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Discussion Starter #1
I am diagnosing a dead battery and found out the following:

Battery (new) is at 12.8v
Started up, voltage remains at 12.5-12.6v
Yellow wires from stator are .6ohms between each other and are not grounding
Wires to rectifier check out OK per svc manual

However, my battery drain while off is .280ohms, which is a little out of spec, but the book immediately suggests
The rectifier is bad. Any assurances from anyone out there before I drop 50-100 bucks on a rectifier?
Anyone know where I can get one in Los Angeles before my planned Sunday ride?

Thanks for any help-

RuZ
 

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Well, with my xp in the auto world. Your diag flow chart is pretty close to being dead on. Your alt seems to be doing its job, by the readings I see. Cars should sit around 13v but this maybe diff. Do you have any acc on your ride? (PC, lights, ect...) You may wanna see what Subsailor has to say on this matter.
 

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You should be getting more than 12.5V with the engine running.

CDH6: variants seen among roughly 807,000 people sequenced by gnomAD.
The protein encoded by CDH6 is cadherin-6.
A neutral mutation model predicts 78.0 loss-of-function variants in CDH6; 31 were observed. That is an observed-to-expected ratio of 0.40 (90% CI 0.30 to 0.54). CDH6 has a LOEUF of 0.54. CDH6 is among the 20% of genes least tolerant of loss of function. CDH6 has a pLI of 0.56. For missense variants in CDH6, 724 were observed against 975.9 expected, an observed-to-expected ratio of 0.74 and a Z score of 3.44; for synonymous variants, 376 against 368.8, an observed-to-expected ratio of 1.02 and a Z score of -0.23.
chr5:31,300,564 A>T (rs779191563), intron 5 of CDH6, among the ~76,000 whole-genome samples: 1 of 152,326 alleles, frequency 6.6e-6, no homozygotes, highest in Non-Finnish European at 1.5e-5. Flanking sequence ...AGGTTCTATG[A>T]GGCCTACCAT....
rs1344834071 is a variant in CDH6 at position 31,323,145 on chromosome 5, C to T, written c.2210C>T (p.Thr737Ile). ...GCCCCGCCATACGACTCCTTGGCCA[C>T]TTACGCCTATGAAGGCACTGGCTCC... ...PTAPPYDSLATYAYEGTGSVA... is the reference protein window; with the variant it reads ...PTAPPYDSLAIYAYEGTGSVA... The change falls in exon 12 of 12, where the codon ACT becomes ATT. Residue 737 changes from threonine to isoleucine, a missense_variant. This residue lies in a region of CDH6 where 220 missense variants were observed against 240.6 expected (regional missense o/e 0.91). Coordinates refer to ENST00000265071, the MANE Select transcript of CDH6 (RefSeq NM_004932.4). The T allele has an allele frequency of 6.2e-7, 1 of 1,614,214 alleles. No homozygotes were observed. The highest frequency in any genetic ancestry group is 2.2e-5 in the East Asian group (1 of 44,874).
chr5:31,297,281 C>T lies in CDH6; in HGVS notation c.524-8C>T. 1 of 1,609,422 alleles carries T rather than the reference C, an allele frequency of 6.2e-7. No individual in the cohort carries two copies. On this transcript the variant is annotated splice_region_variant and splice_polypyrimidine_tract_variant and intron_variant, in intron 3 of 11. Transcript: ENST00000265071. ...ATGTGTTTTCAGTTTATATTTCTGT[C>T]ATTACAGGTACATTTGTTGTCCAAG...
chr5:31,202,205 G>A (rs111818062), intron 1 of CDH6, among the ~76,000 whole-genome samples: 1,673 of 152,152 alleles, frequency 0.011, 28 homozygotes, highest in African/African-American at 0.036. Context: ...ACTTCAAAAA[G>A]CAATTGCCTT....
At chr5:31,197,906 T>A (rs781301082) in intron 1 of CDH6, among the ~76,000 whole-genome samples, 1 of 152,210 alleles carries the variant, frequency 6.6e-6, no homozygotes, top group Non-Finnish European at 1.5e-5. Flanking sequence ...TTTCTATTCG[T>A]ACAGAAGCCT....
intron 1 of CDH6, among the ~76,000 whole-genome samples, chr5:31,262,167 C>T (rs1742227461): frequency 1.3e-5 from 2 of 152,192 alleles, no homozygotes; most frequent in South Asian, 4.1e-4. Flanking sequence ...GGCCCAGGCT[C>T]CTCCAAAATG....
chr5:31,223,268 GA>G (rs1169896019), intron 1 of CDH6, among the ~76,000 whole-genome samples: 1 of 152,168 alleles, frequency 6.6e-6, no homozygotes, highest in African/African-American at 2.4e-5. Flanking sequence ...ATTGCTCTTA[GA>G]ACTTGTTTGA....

The manual says check the voltage at 5K RPM.
It should be less than 15.5V, but more like 13.5 to 14.5V usually.
It takes at least 1.5V above 12V to charge a battery.
The manual says the alternator charging coils should be .2 to .5 ohms at 68 Deg F.
Battery should be around 13.0 to 13.2V fully charged, and needing charging if below 12.3V.
Current leakage test using Honda's test unit should show .1mA max.
 

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Discussion Starter #5
I spoke to the seller of a "2002-2003" stator in Missouri, he agreed to overnight it to me. Should be here today :D

$30 plus $27 to overnight it. $57 ain't bad.

Thanks for the input-


RuZ
 

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Discussion Starter #6
Got the new rectifier in today. Unplugged the old one, plugged in the new one, fired 'er up. Same thing. CRAP!!!

Sitting voltage 12.6v
After started up, it fluctuates from 10.9v to 12.3v depending on the speed of the motor.

So now what? The stator is within spec, the rectifier is replaced with a known good unit, the battery is new. Is there something I am missing? Sunday isn't looking too good.